Folks who come here looking for musical content must find this somewhat strange, but as I mentioned at the top of the year, although this blog is not a diary, it does try to see things in a larger context. Music is a part of life, and the author's own life is the one on which he can speak with the most authority. Also, as the second semester rolls on, there will be more of this memory sharing, as a major transition awaits us. A new city, a new job...a presently uncertain future. But I'll get to that later. Before Christmas goes back to the attic I wanted to visit a few of my favorites from Christmases past in Champaign, Illinois, at the church I've served for over ten years. This was probably my last one. I'll start with it. And, it looks like I'll conclude with it, too. But more on that later. For now, Advent....
Probably my favorite moment came at rehearsals for the Christmas pageant. We had one of those, this year. The All-Church Christmas Drama came to an end (or a haitus) with the departure of our Associate pastor, who ran it, and in its place we resurrected a program for the children in the afternoon. It had all the hallmarks of a typical pageant: kids dressed as angels, shepherds, one dressed as a sheep (very cute); one, I think, was a cow. One of the angels was very young and very unhappy, which is quite a sight (and a major blow to one's theology). During the rehearsal, the children took turns reading scriptures, sometimes in a tag-team fashion. One of the girls apparently kept finding the pages messed up when it was her turn, so when the young man at the opposite lecture read "this is what the prophet said" she returned "Everything's out of order!"
Which is exactly what the prophets said, if you want to know. Of course, many churches like to forget about all that and just read the handful of verses that set up the coming of Jesus. Prophetic greatest hits, you know. But this little girl had it right on. Everything WAS a mess. Still is. Of course, what distinguished the prophets from uncle Phil at the dining room table was that they wrote it all down, often in exquisite poetry, and they specifically targeted corruption of the people in power. Not those other people--our people. Which didn't make them all that popular. But I digress.
Besides the children as sheep there was a bird in a T-shirt shop that was very entertaining. It bopped to the music, when it wasn't squawking away. I went there to get my wife a T-shirt for Christmas. What? Don't look at me like that. It was a very cool shirt. Custom made. And relevant. I sure she will have loved it by the time this goes to press.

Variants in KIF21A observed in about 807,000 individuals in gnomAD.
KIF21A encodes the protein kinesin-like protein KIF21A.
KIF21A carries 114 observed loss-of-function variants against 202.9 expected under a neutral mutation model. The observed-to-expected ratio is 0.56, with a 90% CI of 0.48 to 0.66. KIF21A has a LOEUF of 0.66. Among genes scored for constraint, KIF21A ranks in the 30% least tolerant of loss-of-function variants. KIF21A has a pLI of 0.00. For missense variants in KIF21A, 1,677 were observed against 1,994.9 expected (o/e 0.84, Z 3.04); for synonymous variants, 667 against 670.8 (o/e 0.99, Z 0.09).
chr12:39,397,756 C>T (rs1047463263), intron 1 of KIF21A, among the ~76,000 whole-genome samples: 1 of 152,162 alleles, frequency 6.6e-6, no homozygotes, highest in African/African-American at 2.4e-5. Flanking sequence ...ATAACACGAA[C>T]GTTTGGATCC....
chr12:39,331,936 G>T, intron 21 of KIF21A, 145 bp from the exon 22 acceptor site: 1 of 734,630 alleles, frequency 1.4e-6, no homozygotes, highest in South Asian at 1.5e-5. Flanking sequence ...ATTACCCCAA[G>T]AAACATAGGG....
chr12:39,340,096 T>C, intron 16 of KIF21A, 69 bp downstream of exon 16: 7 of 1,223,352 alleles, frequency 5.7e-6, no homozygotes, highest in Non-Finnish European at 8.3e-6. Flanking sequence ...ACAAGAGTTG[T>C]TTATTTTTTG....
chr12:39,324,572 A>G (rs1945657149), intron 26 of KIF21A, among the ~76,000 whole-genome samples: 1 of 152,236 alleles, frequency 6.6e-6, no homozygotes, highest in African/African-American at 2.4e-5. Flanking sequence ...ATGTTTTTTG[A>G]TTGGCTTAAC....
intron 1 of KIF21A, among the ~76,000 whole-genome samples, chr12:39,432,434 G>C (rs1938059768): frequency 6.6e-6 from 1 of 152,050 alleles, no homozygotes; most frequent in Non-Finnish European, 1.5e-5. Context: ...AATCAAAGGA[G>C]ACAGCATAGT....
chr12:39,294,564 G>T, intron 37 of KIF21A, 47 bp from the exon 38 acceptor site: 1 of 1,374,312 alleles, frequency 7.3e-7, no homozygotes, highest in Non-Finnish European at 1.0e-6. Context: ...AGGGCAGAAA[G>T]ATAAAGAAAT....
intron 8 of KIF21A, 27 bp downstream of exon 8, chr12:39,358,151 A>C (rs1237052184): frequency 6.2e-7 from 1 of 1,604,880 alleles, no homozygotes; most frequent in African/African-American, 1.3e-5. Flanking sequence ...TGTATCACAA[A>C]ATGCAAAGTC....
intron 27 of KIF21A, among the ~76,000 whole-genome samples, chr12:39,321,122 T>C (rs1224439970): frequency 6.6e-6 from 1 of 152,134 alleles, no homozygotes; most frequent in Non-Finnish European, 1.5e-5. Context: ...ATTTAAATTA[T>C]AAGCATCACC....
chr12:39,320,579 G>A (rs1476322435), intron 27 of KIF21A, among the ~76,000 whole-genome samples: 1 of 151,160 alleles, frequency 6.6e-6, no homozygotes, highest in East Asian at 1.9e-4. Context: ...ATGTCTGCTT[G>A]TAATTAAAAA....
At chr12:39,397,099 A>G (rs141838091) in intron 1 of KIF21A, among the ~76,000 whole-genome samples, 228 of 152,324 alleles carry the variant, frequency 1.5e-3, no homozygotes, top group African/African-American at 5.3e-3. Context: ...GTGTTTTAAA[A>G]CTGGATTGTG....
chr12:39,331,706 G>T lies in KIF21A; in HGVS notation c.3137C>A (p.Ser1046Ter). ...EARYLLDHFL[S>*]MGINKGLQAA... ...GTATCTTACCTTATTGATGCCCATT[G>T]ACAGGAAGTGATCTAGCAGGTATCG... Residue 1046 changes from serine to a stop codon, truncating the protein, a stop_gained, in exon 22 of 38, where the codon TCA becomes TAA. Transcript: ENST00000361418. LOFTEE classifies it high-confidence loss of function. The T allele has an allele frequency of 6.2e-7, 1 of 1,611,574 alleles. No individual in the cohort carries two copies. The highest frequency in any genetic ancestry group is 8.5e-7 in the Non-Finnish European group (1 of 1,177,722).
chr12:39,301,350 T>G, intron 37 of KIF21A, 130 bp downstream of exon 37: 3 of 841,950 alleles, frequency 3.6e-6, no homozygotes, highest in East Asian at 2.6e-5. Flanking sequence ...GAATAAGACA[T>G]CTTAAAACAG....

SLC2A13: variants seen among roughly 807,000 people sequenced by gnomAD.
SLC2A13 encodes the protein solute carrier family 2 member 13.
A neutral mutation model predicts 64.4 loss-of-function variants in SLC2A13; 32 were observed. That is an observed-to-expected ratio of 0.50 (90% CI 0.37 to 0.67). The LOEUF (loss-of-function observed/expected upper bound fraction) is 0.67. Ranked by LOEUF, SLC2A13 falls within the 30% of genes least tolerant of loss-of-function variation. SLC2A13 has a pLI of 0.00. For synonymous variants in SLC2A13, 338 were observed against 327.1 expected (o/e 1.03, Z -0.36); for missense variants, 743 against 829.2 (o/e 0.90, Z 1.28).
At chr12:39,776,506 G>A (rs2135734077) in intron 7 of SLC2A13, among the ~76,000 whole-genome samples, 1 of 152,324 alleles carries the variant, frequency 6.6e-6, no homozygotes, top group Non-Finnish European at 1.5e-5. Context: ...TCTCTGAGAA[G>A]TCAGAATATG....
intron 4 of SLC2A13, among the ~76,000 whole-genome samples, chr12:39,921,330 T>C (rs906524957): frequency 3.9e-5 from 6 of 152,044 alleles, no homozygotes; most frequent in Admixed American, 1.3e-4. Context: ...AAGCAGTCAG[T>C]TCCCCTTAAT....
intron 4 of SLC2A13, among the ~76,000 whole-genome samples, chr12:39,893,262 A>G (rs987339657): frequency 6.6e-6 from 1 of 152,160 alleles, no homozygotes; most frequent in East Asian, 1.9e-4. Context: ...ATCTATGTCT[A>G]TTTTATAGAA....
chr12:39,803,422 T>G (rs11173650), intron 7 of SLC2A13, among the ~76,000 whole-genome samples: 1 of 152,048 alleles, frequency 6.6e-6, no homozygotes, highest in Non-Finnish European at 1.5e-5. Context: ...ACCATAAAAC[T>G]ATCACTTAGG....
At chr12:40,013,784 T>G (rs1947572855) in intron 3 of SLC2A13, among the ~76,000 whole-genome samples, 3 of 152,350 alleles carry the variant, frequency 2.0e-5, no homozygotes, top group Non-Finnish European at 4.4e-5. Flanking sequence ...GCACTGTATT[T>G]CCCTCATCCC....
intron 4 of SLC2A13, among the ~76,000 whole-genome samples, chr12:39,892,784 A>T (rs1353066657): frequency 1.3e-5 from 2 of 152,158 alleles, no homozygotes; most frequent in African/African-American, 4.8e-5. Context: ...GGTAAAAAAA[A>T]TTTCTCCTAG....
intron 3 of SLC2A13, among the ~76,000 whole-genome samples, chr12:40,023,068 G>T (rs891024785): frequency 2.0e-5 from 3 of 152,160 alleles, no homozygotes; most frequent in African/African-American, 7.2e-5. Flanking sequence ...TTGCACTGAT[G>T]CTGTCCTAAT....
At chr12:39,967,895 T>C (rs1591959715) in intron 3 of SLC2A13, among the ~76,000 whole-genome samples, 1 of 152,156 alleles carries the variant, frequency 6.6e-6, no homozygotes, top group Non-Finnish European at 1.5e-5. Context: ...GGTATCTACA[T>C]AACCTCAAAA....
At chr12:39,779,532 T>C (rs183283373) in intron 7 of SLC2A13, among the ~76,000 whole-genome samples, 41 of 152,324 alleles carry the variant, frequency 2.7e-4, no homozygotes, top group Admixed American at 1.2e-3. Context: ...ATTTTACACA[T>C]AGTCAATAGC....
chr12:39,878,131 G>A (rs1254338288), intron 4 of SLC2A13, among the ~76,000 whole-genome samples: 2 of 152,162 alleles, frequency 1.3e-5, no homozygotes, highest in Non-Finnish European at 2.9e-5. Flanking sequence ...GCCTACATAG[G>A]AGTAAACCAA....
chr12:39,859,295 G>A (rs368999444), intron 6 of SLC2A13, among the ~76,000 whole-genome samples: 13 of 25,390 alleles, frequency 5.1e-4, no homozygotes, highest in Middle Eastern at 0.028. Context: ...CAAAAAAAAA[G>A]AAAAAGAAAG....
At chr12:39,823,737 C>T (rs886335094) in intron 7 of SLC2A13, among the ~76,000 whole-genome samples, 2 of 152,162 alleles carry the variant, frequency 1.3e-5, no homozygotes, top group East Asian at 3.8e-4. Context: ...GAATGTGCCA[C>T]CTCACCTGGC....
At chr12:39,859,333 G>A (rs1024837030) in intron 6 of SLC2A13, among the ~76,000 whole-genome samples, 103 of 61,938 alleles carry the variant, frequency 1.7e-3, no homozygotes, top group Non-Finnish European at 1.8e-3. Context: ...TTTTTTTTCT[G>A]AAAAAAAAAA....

Then there was the fun of jamming on a few Christmas carols with our "resident" jazz saxophonist Robert Brooks, which you can find on last Monday's blog. I don't officially speak jazz, or maybe I have an accent (!) but I can improvise and I know a few extended chords--since we didn't have a lead sheet (we were going out of the hymnal) I made up the chords on the fly and we listened to each other and made it work. A cool experience, and probably something you weren't expecting if you've been listening to all the baroque organ music I've been posting on my website. But Christmas is always full of varied experiences.
Children singing, that's another one. I got to watch the CU-symphony rehearse with the Central Illinois Children's Chorus. That's conductor Stephen Alltop cueing them in. He rehearsed with us alone an hour earlier, jammed into one of the Krannert Center's glorified shoe closets (somehow we got all 50 kids in there, plus a few adults, a conductor, and a piano.) I'm used to being in tight corners, anyway. It's been part of the season since I arrived in 2005. So has the Children's concert the previous week. I couldn't take a picture during the concert, so you'll have to imagine kids on the risers, but I did get one of the setup because I couldn't resist the hilarity of where I would be sitting--directly behind the tree, with the occasional arm sticking out, perhaps.
Pianists always show their best side to the audience!
The church choir always performs a variety of interesting things at Christmas, and the community Chorale has a big New Year's Eve concert, which keeps the rehearsals (extra long) going during the busy season. We'll hit the stage at the Virginia at 7pm on Dec. 31 for what will probably be my last time. I'll miss the Mighty Wurlitzer. (remember, Michael: don't look down!)
It doesn't look like much of a drop from here, but if you look down into the pit you'll see what I mean.
I got a chance to play a gig with our funk band, "Timezone" for a benefit concert during the month of December, as well as making merry with our "Fusion" band over the weeks of Advent. There has been a little Christmas Chaos at our "contemporary" services this year, courtesy of a defective soundboard. Look for a Christmas special to come out in a few years called "The Soundman who saved Christmas." It will be based on a true story. We've lived it.
I'm sure I'm leaving things out, but the season isn't over as I write this, and besides, you and I both have some things to do so I'll leave you to yours. Have a happy holiday season and a wonderful New Year.
That holiday music program at pianonoise.com is still up, in case you missed it.